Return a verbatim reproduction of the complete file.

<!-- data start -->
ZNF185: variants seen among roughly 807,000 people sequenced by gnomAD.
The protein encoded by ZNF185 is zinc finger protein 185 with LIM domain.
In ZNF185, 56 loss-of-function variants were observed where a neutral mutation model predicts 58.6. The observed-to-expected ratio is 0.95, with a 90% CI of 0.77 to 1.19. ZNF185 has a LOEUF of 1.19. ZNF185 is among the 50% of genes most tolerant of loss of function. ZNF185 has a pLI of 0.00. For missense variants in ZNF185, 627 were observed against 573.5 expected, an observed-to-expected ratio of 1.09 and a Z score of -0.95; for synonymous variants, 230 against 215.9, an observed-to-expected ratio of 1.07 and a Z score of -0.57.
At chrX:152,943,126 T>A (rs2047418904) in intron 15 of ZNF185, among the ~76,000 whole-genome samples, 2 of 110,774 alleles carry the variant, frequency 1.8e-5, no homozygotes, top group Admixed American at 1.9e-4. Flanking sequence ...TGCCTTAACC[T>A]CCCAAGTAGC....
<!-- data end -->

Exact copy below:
ZNF185: variants seen among roughly 807,000 people sequenced by gnomAD.
The protein encoded by ZNF185 is zinc finger protein 185 with LIM domain.
In ZNF185, 56 loss-of-function variants were observed where a neutral mutation model predicts 58.6. The observed-to-expected ratio is 0.95, with a 90% CI of 0.77 to 1.19. ZNF185 has a LOEUF of 1.19. ZNF185 is among the 50% of genes most tolerant of loss of function. ZNF185 has a pLI of 0.00. For missense variants in ZNF185, 627 were observed against 573.5 expected, an observed-to-expected ratio of 1.09 and a Z score of -0.95; for synonymous variants, 230 against 215.9, an observed-to-expected ratio of 1.07 and a Z score of -0.57.
At chrX:152,943,126 T>A (rs2047418904) in intron 15 of ZNF185, among the ~76,000 whole-genome samples, 2 of 110,774 alleles carry the variant, frequency 1.8e-5, no homozygotes, top group Admixed American at 1.9e-4. Flanking sequence ...TGCCTTAACC[T>A]CCCAAGTAGC....